In aftermath of gunman killing 19 Texas elementary students officials, lawmakers look for answers
Mass shooting latest in years-long succession of attacks at public gathering places such as schools, stores, places of worship.
Law enforcement and elected officials worked through the night to learn more about the shooter in the killing Tuesday of 19 Texas elementary school students — the most recent mass shooting in a years-long series at churches, schools, concerts, and other public events.
The midday attack at Robb Elementary School, in Uvalde, Texas, was the deadliest U.S. school shooting since a gunman killed 20 children and six adults at Sandy Hook Elementary in Newtown, Conn., in December 2012.
Two teachers also were fatally shot at the Uvalde, Texas, school by a gunman identified as 18-year-old Salvador Ramos, also of Uvalde.
The attacker was killed by a Border Patrol agent who rushed into the school without waiting for backup, a law enforcement official told the Associated Press.
The suspect, a reported high school dropout, did not have a criminal history or a mental health history, and law enforcement is working to determine if he had a juvenile record, Texas Republican Gov. Greg Abbott said at a press conference on Wednesday.
He used one weapon, an AR-15 with .223 rounds, to carry out the attack, officials said.
"The gunman shot his grandmother in the face," Abbott told reporters. "She then contacted police. The gunman fled, and as he was fleeing, he had an accident just outside of the elementary school, and he ran into the school. Officers with the Consolidated Independent School District approached the gunman and engaged with the gunman at that time."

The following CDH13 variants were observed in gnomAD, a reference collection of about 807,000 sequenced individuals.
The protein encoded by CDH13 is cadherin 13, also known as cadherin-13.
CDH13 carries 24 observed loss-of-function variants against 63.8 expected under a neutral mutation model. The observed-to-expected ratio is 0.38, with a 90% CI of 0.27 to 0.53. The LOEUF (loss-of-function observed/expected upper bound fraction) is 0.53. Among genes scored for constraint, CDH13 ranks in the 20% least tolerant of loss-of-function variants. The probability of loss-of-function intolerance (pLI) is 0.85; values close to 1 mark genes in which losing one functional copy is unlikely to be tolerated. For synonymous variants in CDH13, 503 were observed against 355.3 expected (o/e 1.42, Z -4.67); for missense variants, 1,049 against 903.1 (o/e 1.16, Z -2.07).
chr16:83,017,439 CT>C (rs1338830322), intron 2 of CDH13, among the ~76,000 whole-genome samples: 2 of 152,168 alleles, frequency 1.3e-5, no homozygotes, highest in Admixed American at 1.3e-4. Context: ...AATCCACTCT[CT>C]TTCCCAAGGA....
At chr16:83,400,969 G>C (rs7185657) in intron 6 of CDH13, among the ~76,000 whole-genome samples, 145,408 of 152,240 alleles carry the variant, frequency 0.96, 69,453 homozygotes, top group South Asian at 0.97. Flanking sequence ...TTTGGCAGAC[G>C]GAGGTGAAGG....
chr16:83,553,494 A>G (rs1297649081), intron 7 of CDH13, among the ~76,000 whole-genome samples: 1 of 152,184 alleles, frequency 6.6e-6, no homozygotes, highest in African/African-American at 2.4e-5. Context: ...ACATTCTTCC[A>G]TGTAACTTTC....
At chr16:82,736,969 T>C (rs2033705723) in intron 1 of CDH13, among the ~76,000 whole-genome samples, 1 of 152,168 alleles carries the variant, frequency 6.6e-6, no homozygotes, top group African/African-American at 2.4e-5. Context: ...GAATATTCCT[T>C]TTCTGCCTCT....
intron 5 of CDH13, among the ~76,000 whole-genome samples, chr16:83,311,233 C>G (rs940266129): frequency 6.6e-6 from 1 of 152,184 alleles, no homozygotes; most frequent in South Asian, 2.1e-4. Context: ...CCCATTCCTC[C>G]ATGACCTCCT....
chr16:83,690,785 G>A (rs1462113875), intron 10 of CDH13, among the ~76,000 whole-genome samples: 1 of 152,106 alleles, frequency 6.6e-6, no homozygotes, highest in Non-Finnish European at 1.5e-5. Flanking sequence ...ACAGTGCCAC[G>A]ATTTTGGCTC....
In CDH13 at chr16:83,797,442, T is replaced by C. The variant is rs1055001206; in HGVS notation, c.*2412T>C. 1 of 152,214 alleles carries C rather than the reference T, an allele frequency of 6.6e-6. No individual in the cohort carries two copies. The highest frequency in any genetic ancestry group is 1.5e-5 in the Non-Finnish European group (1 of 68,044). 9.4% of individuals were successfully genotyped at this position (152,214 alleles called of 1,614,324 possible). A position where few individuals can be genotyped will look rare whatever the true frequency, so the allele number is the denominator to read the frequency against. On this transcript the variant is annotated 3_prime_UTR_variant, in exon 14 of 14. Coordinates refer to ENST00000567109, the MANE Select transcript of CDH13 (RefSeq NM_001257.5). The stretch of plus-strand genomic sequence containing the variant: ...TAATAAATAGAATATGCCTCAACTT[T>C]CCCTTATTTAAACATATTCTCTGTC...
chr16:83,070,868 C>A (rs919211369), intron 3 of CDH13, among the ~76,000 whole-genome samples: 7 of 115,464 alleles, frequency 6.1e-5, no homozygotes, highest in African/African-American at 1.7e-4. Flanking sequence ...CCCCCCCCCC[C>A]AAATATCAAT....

After entering the school, Ramos reportedly fired at "whoever was in his way" while in body armor, said Lt. Christopher Olivarez, of the Texas Department of Public Safety.
Three officers were injured by gunfire, Abbott said, adding that a deputy sheriff lost a daughter in the school.
The suspect then entered a classroom that was connected internally to another classroom.
"The shooter was able to make entry into a classroom, barricaded himself inside that classroom, and again just began shooting numerous children and teachers that were in that classroom, having no regard for human life," Olivarez told NBC on Wednesday. "Just a complete evil person.
"Just began shooting anyone that was in his way. At that point we had a tactical law enforcement team arrive — made up of multiple federal officers, local officers, as well as state troopers — that were able to able to make forcible entry into that classroom. They were met with gunfire as well but they were able to shoot and kill that suspect."
"Texans across the state are grieving for the victims of this senseless crime and for the community of Uvalde," Abbott said.
As with similar shootings in recent days, months and years, Ramos reportedly made online posts foreshadowing the attack.
He wrote on Facebook about 30 minutes before entering the school, "I am going to shoot my grandmother," Abbott said.
The gunman made a follow-up post, "I shot my grandmother," according to the governor.
Ramos' final post, about 15 minutes before arriving at the school, allegedly was, "I am going to shoot an elementary school," the governor reported.
His attack came just 10 days after a racially motivated shooting at a Buffalo, N.Y., supermarket, resulting in the death of 10 people and the wounding of three others.
Social media posts by alleged gunman Payton Gendron, also 18, show he had been planning his attack for months.
The day before the attack, the FBI reported 61 "active shooter" incidents last year, the highest tally in more than two decades.
Officers said Ramos acted alone. But as of Wednesday, his motive for the killings remained unclear.
The shooting occurred during the Uvalde School District's last week in session before the summer break, authorities said.
All Uvalde School District activities have been canceled.